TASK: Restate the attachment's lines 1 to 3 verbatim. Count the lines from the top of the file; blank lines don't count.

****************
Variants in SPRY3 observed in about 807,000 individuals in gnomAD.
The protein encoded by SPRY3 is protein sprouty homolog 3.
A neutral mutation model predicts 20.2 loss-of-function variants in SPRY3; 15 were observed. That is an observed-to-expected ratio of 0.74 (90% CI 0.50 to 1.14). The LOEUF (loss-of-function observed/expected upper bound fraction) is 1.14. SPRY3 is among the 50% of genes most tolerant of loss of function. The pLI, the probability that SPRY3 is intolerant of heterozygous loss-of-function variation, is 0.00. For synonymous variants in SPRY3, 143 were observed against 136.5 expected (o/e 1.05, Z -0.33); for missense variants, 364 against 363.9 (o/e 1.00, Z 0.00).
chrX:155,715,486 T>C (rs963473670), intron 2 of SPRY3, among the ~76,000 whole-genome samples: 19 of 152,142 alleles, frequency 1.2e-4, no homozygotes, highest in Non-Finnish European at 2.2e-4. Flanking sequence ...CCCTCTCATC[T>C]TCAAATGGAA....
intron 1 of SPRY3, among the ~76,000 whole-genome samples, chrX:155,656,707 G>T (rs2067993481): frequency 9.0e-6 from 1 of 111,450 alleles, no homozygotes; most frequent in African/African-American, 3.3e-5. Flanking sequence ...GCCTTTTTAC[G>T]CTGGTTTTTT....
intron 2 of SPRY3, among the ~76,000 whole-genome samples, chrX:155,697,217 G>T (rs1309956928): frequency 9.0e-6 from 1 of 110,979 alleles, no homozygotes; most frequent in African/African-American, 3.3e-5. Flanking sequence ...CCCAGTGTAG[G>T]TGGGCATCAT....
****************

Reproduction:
Variants in SPRY3 observed in about 807,000 individuals in gnomAD.
The protein encoded by SPRY3 is protein sprouty homolog 3.
A neutral mutation model predicts 20.2 loss-of-function variants in SPRY3; 15 were observed. That is an observed-to-expected ratio of 0.74 (90% CI 0.50 to 1.14). The LOEUF (loss-of-function observed/expected upper bound fraction) is 1.14. SPRY3 is among the 50% of genes most tolerant of loss of function. The pLI, the probability that SPRY3 is intolerant of heterozygous loss-of-function variation, is 0.00. For synonymous variants in SPRY3, 143 were observed against 136.5 expected (o/e 1.05, Z -0.33); for missense variants, 364 against 363.9 (o/e 1.00, Z 0.00).